I received an email the other day with the subject “Wednesday Is The New Black Friday,” and it got me thinking. Now don’t get me wrong, I love shopping just as much as the next girl. I could spend the majority of my day sifting through racks of clothing and searching for those amazing steals. Chances are that by the end of a trip to the mall with my friends, I will walk out bearing various shopping bags on both arms. While I’ve done my fair share of shopping in life, some of which occurred the day after Thanksgiving, for some reason, I can’t bring myself to support what Black Friday has become.
As a national holiday and tradition, Thanksgiving is a day set aside to spend time with family and friends, enjoy a festive meal, and reflect on the many things that we are grateful for. But after we count our blessings, some Americans transform into full-out hunting mode. These people are alert, focused, and ready to pounce on every Black Friday deal they set their sights on (and anyone who gets in their way).
With each passing year, however, the stores that participate in this day advertise as opening earlier and earlier. Sure, 6 a.m. openings were pretty early for the mainstream population, but 8 p.m. the night before is really pushing it; it’s reached the point where employees cannot spend Thanksgiving with their loved ones. On a day when they should be relaxing and enjoying the holiday with family, they instead are forced to open up their stores and provide service to eager, and sometimes barbaric, Black Friday consumers.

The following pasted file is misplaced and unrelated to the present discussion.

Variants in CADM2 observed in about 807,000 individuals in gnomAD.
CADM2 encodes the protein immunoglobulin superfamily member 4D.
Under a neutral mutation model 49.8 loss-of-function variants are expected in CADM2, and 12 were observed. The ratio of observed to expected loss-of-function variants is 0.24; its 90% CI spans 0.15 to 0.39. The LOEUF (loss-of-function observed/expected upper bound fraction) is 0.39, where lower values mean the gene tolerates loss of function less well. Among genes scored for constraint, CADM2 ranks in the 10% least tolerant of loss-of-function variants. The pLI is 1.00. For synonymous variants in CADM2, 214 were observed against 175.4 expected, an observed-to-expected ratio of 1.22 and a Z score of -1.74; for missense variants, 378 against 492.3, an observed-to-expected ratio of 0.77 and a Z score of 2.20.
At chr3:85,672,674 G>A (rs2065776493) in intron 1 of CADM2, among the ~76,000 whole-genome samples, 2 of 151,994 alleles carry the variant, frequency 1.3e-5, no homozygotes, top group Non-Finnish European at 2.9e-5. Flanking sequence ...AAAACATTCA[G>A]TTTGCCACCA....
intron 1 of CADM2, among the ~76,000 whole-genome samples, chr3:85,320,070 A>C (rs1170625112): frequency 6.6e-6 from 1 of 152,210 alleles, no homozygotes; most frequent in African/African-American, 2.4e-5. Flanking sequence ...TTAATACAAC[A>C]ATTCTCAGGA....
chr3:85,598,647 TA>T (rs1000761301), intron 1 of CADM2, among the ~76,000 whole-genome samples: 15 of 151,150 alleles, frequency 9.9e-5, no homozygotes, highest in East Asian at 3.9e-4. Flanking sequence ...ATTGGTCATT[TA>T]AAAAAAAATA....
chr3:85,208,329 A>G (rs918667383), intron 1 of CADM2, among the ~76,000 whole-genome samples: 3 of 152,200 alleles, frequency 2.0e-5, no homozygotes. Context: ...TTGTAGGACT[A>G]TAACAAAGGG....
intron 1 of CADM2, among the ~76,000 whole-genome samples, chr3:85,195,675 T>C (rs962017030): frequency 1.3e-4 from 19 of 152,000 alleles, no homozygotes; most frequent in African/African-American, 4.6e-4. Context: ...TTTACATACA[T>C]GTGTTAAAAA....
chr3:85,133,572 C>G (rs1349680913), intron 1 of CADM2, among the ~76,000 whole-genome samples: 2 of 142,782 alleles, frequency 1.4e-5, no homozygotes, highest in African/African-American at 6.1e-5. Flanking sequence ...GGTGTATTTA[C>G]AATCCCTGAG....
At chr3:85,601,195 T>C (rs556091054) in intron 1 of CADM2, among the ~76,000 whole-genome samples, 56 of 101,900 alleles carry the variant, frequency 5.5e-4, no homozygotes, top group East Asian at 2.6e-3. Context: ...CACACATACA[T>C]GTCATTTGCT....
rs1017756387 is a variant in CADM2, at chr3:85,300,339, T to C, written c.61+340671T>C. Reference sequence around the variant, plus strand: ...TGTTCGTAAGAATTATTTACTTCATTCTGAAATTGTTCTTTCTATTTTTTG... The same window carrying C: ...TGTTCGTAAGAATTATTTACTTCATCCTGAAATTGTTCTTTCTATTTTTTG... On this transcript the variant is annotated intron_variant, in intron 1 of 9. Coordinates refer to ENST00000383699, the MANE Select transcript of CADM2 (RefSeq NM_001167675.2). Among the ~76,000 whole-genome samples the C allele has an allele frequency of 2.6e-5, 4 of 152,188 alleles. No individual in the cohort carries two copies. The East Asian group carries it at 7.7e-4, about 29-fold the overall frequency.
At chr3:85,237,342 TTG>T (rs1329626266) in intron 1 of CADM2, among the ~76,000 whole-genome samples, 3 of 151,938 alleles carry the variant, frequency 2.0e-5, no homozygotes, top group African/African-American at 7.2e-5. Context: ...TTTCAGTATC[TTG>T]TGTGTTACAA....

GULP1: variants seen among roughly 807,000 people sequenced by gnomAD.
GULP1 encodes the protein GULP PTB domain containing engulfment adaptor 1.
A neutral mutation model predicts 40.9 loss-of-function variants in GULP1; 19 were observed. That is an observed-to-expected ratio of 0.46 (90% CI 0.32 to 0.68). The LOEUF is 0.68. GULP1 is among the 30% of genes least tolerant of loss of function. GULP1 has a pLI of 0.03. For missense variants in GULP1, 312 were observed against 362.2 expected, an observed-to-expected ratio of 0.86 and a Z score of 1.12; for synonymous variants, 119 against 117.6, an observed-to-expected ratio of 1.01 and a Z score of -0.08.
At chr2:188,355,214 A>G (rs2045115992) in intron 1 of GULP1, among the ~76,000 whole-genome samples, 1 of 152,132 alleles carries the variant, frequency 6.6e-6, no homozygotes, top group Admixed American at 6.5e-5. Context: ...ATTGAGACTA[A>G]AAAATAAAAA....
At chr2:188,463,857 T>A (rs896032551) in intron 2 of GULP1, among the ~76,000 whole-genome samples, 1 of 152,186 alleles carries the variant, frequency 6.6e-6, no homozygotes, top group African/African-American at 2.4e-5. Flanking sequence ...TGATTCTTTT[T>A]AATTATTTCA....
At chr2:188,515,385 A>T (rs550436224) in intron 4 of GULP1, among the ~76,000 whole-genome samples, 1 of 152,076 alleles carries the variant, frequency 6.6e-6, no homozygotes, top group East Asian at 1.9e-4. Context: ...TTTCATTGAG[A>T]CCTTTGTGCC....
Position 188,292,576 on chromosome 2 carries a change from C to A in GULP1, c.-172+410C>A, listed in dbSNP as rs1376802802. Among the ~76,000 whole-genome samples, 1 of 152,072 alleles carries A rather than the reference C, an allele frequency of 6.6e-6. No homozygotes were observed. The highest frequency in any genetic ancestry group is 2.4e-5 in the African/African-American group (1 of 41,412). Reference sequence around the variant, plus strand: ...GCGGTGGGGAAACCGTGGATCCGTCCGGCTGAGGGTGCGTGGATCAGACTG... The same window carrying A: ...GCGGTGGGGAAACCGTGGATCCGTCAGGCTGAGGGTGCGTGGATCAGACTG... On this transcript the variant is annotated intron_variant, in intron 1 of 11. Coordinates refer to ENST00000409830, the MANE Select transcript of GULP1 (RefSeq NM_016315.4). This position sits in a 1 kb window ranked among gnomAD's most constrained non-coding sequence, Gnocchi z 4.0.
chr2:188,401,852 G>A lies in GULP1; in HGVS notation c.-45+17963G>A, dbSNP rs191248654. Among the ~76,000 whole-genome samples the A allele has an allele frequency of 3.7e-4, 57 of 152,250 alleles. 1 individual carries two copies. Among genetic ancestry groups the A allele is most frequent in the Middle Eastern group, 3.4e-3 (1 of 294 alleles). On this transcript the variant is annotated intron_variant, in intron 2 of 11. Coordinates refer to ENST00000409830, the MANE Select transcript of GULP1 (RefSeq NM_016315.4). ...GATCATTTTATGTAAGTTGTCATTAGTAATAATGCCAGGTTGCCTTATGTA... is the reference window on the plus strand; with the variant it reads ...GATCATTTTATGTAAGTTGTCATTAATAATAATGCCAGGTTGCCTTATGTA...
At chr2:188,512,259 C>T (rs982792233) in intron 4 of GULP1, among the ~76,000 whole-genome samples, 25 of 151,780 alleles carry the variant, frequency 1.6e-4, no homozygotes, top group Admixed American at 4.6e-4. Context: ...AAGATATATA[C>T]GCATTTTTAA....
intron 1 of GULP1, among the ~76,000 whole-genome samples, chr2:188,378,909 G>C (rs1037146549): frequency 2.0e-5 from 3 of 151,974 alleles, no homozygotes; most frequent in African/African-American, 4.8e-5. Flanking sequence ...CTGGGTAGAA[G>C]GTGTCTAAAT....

Recently, with some of the shopping day creeping into the actual day of Thanksgiving, Americans have been more focused than ever on Black Friday. Thanksgiving has essentially taken a back seat. These days, topics of conversation at the dinner table include more about saving “$250 on 49” 4K Ultra HD TV” and less about giving thanks or enjoying time with family and friends. I know that it might be incredible to purchase big ticket items for less, but before you get up and walk out on your next Thanksgiving meal to head out to the nearest Best Buy or Walmart, stop and ask yourself if it is really more important than spending a few extra hours with that cousin you only see once a year, or an aunt that lives on the other side of the country, or the grandparent that could possibly be gone before you know it.
If we could just end Black Friday now, that would give us all something else to be thankful for.